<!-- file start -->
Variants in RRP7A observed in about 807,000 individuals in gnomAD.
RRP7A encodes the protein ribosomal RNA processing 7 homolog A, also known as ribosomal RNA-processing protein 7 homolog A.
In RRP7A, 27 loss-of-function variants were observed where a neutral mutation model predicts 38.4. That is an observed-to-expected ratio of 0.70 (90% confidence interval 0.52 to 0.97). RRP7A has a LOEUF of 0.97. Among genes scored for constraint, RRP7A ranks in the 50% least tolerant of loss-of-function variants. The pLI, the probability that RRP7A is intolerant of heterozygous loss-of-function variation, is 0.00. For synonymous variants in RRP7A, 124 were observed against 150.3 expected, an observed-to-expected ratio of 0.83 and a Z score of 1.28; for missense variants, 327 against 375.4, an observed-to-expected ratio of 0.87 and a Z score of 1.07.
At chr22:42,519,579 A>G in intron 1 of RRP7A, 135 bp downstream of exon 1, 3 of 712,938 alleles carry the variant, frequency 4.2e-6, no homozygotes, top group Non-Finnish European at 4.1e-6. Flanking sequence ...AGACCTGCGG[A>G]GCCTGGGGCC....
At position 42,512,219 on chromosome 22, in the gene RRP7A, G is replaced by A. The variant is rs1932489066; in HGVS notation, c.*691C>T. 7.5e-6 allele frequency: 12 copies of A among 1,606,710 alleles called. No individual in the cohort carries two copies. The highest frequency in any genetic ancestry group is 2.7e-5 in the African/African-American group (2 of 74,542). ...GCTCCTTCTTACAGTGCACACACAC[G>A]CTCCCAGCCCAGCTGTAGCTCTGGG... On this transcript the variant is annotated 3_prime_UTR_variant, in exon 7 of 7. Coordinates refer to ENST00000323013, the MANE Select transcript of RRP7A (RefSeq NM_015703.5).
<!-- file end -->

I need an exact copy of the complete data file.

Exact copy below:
Variants in RRP7A observed in about 807,000 individuals in gnomAD.
RRP7A encodes the protein ribosomal RNA processing 7 homolog A, also known as ribosomal RNA-processing protein 7 homolog A.
In RRP7A, 27 loss-of-function variants were observed where a neutral mutation model predicts 38.4. That is an observed-to-expected ratio of 0.70 (90% confidence interval 0.52 to 0.97). RRP7A has a LOEUF of 0.97. Among genes scored for constraint, RRP7A ranks in the 50% least tolerant of loss-of-function variants. The pLI, the probability that RRP7A is intolerant of heterozygous loss-of-function variation, is 0.00. For synonymous variants in RRP7A, 124 were observed against 150.3 expected, an observed-to-expected ratio of 0.83 and a Z score of 1.28; for missense variants, 327 against 375.4, an observed-to-expected ratio of 0.87 and a Z score of 1.07.
At chr22:42,519,579 A>G in intron 1 of RRP7A, 135 bp downstream of exon 1, 3 of 712,938 alleles carry the variant, frequency 4.2e-6, no homozygotes, top group Non-Finnish European at 4.1e-6. Flanking sequence ...AGACCTGCGG[A>G]GCCTGGGGCC....
At position 42,512,219 on chromosome 22, in the gene RRP7A, G is replaced by A. The variant is rs1932489066; in HGVS notation, c.*691C>T. 7.5e-6 allele frequency: 12 copies of A among 1,606,710 alleles called. No individual in the cohort carries two copies. The highest frequency in any genetic ancestry group is 2.7e-5 in the African/African-American group (2 of 74,542). ...GCTCCTTCTTACAGTGCACACACAC[G>A]CTCCCAGCCCAGCTGTAGCTCTGGG... On this transcript the variant is annotated 3_prime_UTR_variant, in exon 7 of 7. Coordinates refer to ENST00000323013, the MANE Select transcript of RRP7A (RefSeq NM_015703.5).